Review: 2019 Mazda MX-5 Miata RF packs more horses and more fun
The fun little Mazda MX-5 Miata receives a few upgrades for the 2019 model year. They start with more potency in the MX-5's little four-cylinder, upgrading horsepower output and providing a higher redline. Also added is the new Retractable Fastback model with its powered hardtop and sleeker look.
What's completely unchanged about the 2019 Mazda MX-5 Miata compared to previous years is the enjoyable nature of the little car. It's tiny, cramped, impractical, and not on par with any European sports coupe. But it's fun. Lots of fun.
Mazda has boosted the 2019 MX-5 Miata's little 2.0-liter four-cylinder engine to a more potent 181 hp (135 kW), which is about 26 hp (19.3 kW) more than the previous engine. There's a slight boost in torque to go with that, adding about 3 lb-ft to make it 151 (205 Nm). This doesn't make the Miata a race car, but it does add just enough oomph to make up for another big upgrade.
The Miata is also now available as a new take on Mazda's Retractable Fastback (RF) model. This is a self-powered hardtop option for the MX-5, adding a hard roof to the traditionally soft-topped Miata. The hardtop raises and lowers at the touch of a button, unlike the soft top, and doesn't affect trunk capacity. To make the larger top fit, it bisects and folds underneath a hard targa cover at the rear, ahead of the trunk, tucking away nicely and leaving behind a roll-bar-like structure with buttresses and a tiny split-window wind buffet.
With the top up, the interior of the Miata is just as cramped as it's always been, with this car being made for small people and for top-down driving. The added hardtop, though, makes for a quieter cabin on the highway and more security in the parking lot. The added power output of the engine helps make up for the added weight of about 100 lb (45.3 kg) the hardtop brings.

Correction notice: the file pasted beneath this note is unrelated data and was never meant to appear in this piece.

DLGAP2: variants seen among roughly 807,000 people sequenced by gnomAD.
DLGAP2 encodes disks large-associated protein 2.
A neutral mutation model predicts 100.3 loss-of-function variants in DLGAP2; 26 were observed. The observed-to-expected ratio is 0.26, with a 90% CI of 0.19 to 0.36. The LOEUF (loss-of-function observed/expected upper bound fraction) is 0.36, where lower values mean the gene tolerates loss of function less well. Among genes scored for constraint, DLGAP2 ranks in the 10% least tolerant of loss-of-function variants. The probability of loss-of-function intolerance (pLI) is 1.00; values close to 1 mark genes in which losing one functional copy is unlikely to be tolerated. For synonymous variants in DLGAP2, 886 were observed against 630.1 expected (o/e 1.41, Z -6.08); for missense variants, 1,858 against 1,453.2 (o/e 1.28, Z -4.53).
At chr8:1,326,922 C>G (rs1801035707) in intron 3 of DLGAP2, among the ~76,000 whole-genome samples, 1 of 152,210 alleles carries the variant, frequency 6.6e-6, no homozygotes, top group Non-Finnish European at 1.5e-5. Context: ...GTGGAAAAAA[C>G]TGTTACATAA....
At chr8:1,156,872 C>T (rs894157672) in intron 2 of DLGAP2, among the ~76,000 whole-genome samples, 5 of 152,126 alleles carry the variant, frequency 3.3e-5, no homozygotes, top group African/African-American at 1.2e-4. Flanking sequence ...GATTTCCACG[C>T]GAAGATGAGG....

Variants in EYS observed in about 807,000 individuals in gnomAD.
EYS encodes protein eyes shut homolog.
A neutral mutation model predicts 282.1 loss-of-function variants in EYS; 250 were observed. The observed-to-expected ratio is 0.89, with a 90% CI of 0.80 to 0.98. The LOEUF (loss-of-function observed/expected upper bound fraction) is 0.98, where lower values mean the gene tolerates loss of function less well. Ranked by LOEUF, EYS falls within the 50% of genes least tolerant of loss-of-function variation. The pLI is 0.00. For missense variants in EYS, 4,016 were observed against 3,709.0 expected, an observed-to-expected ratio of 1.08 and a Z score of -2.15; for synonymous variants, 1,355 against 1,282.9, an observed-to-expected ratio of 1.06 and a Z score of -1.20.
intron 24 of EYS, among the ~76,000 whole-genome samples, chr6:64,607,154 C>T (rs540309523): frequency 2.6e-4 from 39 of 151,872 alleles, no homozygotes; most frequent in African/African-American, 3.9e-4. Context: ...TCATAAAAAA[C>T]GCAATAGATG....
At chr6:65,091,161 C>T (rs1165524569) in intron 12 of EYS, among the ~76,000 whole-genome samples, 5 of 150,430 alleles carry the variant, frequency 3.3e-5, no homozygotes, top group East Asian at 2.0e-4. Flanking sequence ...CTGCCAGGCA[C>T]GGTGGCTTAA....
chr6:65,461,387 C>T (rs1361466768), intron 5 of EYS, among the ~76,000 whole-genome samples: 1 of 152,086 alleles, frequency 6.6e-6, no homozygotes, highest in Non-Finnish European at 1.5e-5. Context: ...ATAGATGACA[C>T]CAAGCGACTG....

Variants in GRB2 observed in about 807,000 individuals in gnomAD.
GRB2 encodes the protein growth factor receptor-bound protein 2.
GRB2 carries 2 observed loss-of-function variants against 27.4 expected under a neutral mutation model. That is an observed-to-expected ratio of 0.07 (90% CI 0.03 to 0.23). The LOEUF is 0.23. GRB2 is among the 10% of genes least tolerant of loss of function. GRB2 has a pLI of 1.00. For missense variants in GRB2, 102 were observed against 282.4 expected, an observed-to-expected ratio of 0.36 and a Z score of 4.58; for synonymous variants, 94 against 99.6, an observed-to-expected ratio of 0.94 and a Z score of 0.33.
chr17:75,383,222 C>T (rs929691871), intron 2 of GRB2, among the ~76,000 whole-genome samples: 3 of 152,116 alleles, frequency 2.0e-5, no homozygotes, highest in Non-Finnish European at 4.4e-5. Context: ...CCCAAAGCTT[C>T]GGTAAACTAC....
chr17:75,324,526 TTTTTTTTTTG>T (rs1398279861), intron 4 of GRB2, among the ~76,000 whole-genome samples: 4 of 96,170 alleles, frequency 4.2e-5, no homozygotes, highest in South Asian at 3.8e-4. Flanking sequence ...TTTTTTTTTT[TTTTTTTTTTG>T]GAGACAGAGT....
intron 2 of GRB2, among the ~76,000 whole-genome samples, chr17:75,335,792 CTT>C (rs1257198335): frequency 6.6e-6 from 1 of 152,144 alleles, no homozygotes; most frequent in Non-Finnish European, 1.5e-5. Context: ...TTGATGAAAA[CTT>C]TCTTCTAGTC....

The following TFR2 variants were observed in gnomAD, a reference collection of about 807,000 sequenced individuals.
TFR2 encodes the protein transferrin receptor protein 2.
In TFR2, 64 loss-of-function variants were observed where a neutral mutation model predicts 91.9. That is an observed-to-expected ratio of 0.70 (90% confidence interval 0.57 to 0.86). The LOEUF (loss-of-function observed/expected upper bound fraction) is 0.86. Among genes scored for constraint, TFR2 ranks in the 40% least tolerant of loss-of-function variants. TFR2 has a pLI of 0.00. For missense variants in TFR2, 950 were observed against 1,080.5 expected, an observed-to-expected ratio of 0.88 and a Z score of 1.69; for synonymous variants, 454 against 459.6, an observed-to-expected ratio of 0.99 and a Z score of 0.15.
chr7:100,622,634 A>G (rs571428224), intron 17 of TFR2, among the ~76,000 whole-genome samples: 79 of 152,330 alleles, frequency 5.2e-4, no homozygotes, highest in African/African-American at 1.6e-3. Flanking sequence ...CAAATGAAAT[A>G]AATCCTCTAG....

To go with the peppy engine, which feels more powerful than it should thanks to the Miata's tiny stature and close-to-the-ground build, is one of the most well-done manual transmissions ever engineered. It shifts smoothly and effortlessly, with little to no opportunity for screwup from the driver. Even inexperienced manual shifters will find the Mazda manual to be butter-on-bread simple.
The gear shift loves the 1-to-3 skip, the second-gear high-RPM start, and the "1-3-6" highway jump. So much so that this becomes the habit for daily driving – fun daily driving – on a level not before experienced, I dare say, for much of the motoring public. It's a sad state of affairs when boring econoboxes and slushy family rides are best-sellers when vehicles that feel like the Mazda Miata should be the norm instead.
It must be admitted, however, that a big portion of the Miata's appeal is its sheer impracticality. Big six-plus footers like myself don't fit in it. Doing anything but grabbing a bag of groceries or getting yourself (and nothing much else) from A to B is not terribly doable in this tiny Mazda. But there's freedom in knowing that you're in the least practical car available. The Miata is not a carpool drive, a soccer parent kid-hauler, or a weekend home improvement store workhorse. It exists purely for fun.
The 2019 Mazda MX-5 Miata RF comes in two flavors: Club and Grand Touring. The Club has several upgrade options to make it more daily usable and sporty, while the Grand Touring comes with all of the goodies and not as much of the fun. The Club can have heated Recaro sport seats, Brembo front braking, BBS wheels, and some driver assistance and advanced safety technologies added on. These go with the tighter suspension, Bilstein dampers, limited-slip rear differential, and shock tower bracing. The Grand Touring dumps some of that in favor of comfort, sadly, which kind of kills the point of the Miata.
As always, the 2019 Miata is rear-wheel drive. Pricing for the new RF model starts at US$32,345.
Product Page: 2019 Mazda MX-5 Miata